21. Caty MG, Coran AG, Geagen M, Thompson NW. Current diagnosis and treatment of pheochromocytoma in children. Experience with 22 consecutive tumors in 14 patients. Arch Surg 1990; 125:978.
  22. Albanese CT, Wiener ES. Routine total bilateral adrenalectomy is not warranted in childhood familial pheochromocytoma. J Pediatr Surg 1993; 28:1248.
  23. Ein SH, Shandling B, Wesson D, Filler Rm. Recurrent pheochromocytomas in children. J Pediatr Surg 1990; 25:1063.
  24. Webb TA, Sheps SG, Carney JA. Differences between sporadic pheochromocytoma and pheochromocytoma in multiple endocrime neoplasia, type 2. Am J Surg Pathol 1980; 4:121.
  25. Young WF Jr, Abboud AL. Editorial: paraganglioma--all in the family. J Clin Endocrinol Metab 2006; 91:790.
  26. Goldstein RE, O'Neill JA Jr, Holcomb GW 3rd, et al. Clinical experience over 48 years with pheochromocytoma. Ann Surg 1999; 229:755.
  27. Pattarino F, Bouloux PM. The diagnosis of malignancy in phaeochromocytoma. Clin Endocrinol (Oxf) 1996; 44:239.
  28. Hamidi O, Young WF Jr, Iñiguez-Ariza NM, et al. Malignant Pheochromocytoma and Paraganglioma: 272 Patients Over 55 Years. J Clin Endocrinol Metab 2017; 102:3296.
  29. Bravo EL. Pheochromocytoma: new concepts and future trends. Kidney Int 1991; 40:544.
  30. Baguet JP, Hammer L, Mazzuco TL, et al. Circumstances of discovery of phaeochromocytoma: a retrospective study of 41 consecutive patients. Eur J Endocrinol 2004; 150:681.
  31. Ludwig AD, Feig DI, Brandt ML, et al. Recent advances in the diagnosis and treatment of pheochromocytoma in children. Am J Surg 2007; 194:792.
  32. Bholah R, Bunchman TE. Review of Pediatric Pheochromocytoma and Paraganglioma. Front Pediatr 2017; 5:155.
  33. Barontini M, Levin G, Sanso G. Characteristics of pheochromocytoma in a 4- to 20-year-old population. Ann N Y Acad Sci 2006; 1073:30.
  34. Kohane DS, Ingelfinger JR, Nimkin K, Wu CL. Case records of the Massachusetts General Hospital. Case 16-2005. A nine-year-old girl with headaches and hypertension. N Engl J Med 2005; 352:2223.
  35. Ein SH, Pullerits J, Creighton R, Balfe JW. Pediatric pheochromocytoma. A 36-year review. Pediatr Surg Int 1997; 12:595.
  36. Pomares FJ, Cañas R, Rodriguez JM, et al. Differences between sporadic and multiple endocrine neoplasia type 2A phaeochromocytoma. Clin Endocrinol (Oxf) 1998; 48:195.
  37. Walther MM, Reiter R, Keiser HR, et al. Clinical and genetic characterization of pheochromocytoma in von Hippel-Lindau families: comparison with sporadic pheochromocytoma gives insight into natural history of pheochromocytoma. J Urol 1999; 162:659.
  38. Park JH, Kim KS, Sul JY, et al. Prevalence and patterns of left ventricular dysfunction in patients with pheochromocytoma. J Cardiovasc Ultrasound 2011; 19:76.
  39. Shub C, Cueto-Garcia L, Sheps SG, et al. Echocardiographic findings in pheochromocytoma. Am J Cardiol 1986; 57:971.
  40. Stein PP, Black HR. A simplified diagnostic approach to pheochromocytoma. A review of the literature and report of one institution's experience. Medicine (Baltimore) 1991; 70:46.
  41. Lake CR, Zaloga G, Bray J, et al. Transient hypertension after two phenylpropanolamine diet aids and the effects of caffeine: a placebo-controlled follow-up study. Am J Med 1989; 86:427.
  42. Keiser HR. Surreptitious self-administration of epinephrine resulting in 'pheochromocytoma'. JAMA 1991; 266:1553.
  43. Lefebvre H, Richard R, Noblet C, et al. Life-threatening pseudophaeochromocytoma after toloxatone, terbutaline, and phenylephrine. Lancet 1993; 341:555.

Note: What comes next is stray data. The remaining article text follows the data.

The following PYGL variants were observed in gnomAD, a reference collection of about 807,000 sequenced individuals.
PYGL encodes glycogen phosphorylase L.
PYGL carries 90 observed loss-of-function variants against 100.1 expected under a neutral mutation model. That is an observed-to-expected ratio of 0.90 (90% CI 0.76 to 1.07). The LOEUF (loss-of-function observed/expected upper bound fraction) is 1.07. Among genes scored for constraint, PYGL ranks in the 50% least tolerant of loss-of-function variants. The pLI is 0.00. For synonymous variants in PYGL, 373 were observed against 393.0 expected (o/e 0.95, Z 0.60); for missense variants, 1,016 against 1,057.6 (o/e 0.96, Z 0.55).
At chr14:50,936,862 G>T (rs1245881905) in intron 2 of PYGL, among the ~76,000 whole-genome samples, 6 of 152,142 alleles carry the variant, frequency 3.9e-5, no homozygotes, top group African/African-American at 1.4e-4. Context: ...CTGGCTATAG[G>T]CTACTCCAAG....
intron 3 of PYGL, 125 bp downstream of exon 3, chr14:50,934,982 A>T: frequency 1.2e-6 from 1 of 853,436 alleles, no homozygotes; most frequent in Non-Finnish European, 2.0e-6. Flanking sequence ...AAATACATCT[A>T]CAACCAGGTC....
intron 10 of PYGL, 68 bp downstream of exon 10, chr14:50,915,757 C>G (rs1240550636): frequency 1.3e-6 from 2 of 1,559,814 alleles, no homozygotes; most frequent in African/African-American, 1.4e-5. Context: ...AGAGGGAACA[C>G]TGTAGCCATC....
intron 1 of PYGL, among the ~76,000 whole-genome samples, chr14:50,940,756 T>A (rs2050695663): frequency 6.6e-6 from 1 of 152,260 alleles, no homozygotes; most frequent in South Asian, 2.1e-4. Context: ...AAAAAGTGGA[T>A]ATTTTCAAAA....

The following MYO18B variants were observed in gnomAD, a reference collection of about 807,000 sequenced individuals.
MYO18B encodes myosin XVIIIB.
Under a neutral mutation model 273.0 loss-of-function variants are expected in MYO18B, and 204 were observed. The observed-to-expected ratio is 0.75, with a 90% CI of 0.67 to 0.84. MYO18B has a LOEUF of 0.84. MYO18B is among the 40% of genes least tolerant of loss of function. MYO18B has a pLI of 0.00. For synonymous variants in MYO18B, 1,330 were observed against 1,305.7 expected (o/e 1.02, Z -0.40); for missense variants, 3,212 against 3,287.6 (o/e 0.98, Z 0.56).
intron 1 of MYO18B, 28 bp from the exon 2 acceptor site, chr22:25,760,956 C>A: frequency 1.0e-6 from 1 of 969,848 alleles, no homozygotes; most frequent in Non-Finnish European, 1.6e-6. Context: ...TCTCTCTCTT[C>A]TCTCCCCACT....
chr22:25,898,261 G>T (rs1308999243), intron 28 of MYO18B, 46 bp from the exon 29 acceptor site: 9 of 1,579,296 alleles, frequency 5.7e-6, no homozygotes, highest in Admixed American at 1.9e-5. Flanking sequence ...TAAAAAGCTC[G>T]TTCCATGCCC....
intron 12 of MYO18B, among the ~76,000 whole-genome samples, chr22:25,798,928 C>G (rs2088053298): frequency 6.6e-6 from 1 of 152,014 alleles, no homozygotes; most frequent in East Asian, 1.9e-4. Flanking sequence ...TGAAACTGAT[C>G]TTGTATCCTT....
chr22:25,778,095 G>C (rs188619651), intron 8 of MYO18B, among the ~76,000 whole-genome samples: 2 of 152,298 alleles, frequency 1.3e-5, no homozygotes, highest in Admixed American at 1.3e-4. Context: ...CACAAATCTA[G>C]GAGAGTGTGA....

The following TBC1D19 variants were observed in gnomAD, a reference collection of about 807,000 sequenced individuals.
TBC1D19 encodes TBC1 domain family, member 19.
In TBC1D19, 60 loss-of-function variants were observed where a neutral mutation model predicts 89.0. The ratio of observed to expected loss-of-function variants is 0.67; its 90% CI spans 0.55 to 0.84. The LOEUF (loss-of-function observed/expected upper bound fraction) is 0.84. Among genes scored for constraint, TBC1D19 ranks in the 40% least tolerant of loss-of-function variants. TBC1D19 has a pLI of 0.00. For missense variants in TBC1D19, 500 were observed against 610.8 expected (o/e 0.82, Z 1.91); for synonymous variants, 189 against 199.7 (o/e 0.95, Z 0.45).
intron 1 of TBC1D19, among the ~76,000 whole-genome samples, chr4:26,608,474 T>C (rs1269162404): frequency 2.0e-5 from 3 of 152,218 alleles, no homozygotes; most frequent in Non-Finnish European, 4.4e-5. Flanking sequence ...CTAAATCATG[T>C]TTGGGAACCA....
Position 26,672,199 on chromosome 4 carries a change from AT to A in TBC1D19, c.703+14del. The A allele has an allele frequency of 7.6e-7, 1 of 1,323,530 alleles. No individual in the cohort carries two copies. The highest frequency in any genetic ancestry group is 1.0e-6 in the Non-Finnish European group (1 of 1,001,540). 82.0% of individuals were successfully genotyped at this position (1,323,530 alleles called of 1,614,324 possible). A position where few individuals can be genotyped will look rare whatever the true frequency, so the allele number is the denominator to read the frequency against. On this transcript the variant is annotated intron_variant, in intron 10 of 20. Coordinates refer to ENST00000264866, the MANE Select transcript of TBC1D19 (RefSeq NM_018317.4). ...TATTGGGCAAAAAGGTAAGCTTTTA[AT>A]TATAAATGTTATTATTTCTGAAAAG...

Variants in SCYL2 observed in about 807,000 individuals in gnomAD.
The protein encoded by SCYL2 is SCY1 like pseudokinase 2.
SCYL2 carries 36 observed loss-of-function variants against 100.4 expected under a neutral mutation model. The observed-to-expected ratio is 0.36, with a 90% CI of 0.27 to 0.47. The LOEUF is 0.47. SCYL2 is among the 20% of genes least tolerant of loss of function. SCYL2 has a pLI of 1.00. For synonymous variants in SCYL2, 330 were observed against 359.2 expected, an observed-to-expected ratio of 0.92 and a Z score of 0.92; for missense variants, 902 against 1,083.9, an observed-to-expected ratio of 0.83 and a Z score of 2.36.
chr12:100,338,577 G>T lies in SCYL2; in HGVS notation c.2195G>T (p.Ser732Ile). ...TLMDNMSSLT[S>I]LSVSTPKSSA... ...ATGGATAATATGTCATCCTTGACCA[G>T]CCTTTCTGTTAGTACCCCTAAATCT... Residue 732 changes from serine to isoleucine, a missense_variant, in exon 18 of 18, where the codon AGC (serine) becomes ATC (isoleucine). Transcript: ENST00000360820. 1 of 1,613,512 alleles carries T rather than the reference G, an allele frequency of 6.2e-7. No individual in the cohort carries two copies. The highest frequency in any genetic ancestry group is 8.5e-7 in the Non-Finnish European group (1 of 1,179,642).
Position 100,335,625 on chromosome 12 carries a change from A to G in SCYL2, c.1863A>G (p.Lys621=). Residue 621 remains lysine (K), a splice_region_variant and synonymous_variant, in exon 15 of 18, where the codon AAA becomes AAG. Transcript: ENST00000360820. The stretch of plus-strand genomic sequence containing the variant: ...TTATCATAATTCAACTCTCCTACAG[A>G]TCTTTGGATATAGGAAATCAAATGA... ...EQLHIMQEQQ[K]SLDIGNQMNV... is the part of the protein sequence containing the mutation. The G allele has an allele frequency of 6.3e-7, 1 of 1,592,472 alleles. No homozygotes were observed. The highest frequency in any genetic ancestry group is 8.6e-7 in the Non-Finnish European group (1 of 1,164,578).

44. Torres AD, Rai AN, Hardiek ML. Mercury intoxication and arterial hypertension: report of two patients and review of the literature. Pediatrics 2000; 105:E34.
  45. Louie AK, Louie EK, Lannon RA. Systemic hypertension associated with tricyclic antidepressant treatment in patients with panic disorder. Am J Cardiol 1992; 70:1306.
  46. Moreau D, Weissman MM. Panic disorder in children and adolescents: a review. Am J Psychiatry 1992; 149:1306.
  47. Biederman J, Faraone SV, Marrs A, et al. Panic disorder and agoraphobia in consecutively referred children and adolescents. J Am Acad Child Adolesc Psychiatry 1997; 36:214.
  48. Fogarty J, Engel C, Russo J, et al. Hypertension and pheochromocytoma testing: The association with anxiety disorders. Arch Fam Med 1994; 3:55.
  49. Lenders JW, Duh QY, Eisenhofer G, et al. Pheochromocytoma and paraganglioma: an endocrine society clinical practice guideline. J Clin Endocrinol Metab 2014; 99:1915.
  50. Gardet V, Gatta B, Simonnet G, et al. Lessons from an unpleasant surprise: a biochemical strategy for the diagnosis of pheochromocytoma. J Hypertens 2001; 19:1029.
  51. Brandi ML, Gagel RF, Angeli A, et al. Guidelines for diagnosis and therapy of MEN type 1 and type 2. J Clin Endocrinol Metab 2001; 86:5658.
  52. Bravo EL. Evolving concepts in the pathophysiology, diagnosis, and treatment of pheochromocytoma. Endocr Rev 1994; 15:356.
  53. Langrehr JM, Bahra M, Kristiansen G, et al. Neuroendocrine tumor of the pancreas and bilateral adrenal pheochromocytomas. A rare manifestation of von Hippel-Lindau disease in childhood. J Pediatr Surg 2007; 42:1291.
  54. Mannelli M, Ercolino T, Giachè V, et al. Genetic screening for pheochromocytoma: should SDHC gene analysis be included? J Med Genet 2007; 44:586.
  55. Sawka AM, Jaeschke R, Singh RJ, Young WF Jr. A comparison of biochemical tests for pheochromocytoma: measurement of fractionated plasma metanephrines compared with the combination of 24-hour urinary metanephrines and catecholamines. J Clin Endocrinol Metab 2003; 88:553.
  56. Brain KL, Kay J, Shine B. Measurement of urinary metanephrines to screen for pheochromocytoma in an unselected hospital referral population. Clin Chem 2006; 52:2060.
  57. Perry CG, Sawka AM, Singh R, et al. The diagnostic efficacy of urinary fractionated metanephrines measured by tandem mass spectrometry in detection of pheochromocytoma. Clin Endocrinol (Oxf) 2007; 66:703.
  58. Peaston RT, Lennard TW, Lai LC. Overnight excretion of urinary catecholamines and metabolites in the detection of pheochromocytoma. J Clin Endocrinol Metab 1996; 81:1378.